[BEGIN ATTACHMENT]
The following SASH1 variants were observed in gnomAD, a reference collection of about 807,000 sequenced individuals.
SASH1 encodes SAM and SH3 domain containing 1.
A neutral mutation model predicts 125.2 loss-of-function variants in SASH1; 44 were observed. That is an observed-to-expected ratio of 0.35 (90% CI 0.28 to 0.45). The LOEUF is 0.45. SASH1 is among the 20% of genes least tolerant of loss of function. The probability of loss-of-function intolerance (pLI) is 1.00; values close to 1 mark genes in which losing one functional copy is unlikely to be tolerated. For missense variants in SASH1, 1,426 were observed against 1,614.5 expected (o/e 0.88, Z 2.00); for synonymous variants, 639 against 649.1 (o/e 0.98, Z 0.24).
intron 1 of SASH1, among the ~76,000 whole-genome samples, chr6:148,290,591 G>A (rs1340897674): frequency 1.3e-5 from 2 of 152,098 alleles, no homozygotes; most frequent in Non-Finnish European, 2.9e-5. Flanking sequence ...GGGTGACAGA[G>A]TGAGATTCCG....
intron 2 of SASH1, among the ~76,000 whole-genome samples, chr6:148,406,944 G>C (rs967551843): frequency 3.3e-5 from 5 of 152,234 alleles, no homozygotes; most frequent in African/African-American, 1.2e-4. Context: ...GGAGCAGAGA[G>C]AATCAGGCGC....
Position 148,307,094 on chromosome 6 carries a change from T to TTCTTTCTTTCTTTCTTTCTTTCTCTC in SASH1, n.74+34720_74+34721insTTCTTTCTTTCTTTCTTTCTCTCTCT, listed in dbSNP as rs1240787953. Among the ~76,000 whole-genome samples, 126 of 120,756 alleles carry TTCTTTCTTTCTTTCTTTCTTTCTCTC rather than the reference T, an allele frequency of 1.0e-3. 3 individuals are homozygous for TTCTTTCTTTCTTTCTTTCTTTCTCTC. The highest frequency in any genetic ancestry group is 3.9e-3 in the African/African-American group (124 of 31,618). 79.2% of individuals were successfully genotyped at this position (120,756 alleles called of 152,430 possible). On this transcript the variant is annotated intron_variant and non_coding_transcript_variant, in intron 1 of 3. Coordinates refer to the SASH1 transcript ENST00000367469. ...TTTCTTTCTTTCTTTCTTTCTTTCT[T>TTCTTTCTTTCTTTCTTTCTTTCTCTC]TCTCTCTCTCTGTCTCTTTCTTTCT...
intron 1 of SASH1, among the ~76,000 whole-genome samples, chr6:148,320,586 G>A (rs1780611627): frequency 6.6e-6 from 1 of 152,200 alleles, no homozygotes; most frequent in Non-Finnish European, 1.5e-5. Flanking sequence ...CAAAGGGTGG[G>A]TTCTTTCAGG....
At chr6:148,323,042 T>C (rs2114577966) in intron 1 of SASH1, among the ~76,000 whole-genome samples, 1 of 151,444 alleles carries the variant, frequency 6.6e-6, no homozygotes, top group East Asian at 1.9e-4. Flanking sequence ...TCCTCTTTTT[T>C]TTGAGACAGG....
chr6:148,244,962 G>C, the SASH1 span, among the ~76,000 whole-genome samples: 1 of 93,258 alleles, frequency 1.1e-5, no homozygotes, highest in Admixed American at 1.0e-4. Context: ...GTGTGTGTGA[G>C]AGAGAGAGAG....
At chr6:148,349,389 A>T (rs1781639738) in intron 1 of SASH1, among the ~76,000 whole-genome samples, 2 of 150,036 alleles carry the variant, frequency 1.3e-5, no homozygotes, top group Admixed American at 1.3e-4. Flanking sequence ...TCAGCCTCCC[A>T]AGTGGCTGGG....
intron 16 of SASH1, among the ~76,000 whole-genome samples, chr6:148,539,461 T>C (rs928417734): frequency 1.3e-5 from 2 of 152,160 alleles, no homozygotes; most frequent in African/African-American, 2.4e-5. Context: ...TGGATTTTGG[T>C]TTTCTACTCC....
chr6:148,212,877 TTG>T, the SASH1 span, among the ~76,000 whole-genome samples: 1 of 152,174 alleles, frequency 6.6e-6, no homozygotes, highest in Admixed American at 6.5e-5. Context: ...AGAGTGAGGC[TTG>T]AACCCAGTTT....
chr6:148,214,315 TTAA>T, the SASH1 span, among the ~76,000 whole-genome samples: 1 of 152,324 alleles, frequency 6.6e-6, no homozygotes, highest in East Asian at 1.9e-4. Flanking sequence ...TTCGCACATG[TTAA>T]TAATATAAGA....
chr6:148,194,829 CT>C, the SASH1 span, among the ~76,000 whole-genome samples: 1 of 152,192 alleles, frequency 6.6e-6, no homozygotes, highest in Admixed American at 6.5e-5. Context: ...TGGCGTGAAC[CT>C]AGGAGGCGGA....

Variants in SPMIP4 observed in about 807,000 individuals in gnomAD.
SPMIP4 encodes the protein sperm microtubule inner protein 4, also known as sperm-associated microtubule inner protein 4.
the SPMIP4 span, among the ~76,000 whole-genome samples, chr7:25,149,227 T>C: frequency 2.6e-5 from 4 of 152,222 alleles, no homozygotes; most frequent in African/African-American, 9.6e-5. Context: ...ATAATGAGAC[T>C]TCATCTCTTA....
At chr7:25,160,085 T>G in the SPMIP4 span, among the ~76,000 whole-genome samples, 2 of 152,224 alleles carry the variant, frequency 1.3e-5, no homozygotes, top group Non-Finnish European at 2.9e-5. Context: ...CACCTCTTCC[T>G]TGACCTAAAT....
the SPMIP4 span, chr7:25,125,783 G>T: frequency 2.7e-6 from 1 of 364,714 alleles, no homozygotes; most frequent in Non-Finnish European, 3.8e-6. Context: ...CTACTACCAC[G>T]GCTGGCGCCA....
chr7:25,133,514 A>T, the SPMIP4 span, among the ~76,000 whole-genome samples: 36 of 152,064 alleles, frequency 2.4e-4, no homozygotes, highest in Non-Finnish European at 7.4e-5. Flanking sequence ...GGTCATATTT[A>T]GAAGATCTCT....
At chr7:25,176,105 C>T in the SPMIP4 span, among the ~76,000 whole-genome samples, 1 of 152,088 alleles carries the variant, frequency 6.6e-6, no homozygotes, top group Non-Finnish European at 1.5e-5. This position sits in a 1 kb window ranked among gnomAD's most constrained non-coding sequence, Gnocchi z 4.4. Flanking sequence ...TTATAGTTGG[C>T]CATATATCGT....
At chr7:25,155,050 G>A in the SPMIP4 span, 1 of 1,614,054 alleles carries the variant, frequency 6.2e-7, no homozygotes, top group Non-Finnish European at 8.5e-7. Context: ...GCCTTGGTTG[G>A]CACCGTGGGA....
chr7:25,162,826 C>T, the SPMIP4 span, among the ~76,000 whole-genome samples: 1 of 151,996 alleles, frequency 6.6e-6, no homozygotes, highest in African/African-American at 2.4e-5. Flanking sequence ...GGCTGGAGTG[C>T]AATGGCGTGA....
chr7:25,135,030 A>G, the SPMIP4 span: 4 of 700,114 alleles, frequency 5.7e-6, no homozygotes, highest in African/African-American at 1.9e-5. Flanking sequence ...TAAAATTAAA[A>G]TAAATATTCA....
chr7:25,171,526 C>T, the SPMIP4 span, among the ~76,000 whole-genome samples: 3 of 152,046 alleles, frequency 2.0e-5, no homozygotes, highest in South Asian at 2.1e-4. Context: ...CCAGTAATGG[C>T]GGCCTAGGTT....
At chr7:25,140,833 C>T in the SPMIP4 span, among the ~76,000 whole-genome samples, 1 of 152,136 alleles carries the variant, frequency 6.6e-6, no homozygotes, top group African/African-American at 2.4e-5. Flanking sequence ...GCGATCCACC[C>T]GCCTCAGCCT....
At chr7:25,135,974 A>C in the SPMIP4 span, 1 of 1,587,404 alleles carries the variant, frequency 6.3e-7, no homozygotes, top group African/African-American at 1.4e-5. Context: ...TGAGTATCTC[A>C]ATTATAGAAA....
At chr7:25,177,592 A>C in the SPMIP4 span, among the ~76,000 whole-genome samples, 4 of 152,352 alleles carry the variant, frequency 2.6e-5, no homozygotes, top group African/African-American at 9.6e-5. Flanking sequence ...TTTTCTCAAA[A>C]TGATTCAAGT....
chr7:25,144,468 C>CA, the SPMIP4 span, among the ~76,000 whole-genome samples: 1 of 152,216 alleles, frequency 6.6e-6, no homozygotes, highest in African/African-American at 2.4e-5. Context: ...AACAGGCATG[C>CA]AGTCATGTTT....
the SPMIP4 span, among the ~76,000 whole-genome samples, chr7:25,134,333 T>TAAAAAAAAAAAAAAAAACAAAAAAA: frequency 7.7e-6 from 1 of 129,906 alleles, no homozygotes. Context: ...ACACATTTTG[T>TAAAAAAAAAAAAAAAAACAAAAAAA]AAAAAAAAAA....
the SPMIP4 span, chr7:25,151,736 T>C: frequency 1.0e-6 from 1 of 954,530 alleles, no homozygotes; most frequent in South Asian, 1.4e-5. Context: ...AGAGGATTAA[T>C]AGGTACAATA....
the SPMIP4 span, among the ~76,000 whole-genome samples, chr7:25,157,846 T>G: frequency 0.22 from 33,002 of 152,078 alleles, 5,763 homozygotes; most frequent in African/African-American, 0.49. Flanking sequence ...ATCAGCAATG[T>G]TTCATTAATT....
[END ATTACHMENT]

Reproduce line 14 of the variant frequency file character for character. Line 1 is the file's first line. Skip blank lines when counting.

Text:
chr6:148,194,829 CT>C, the SASH1 span, among the ~76,000 whole-genome samples: 1 of 152,192 alleles, frequency 6.6e-6, no homozygotes, highest in Admixed American at 6.5e-5. Context: ...TGGCGTGAAC[CT>C]AGGAGGCGGA....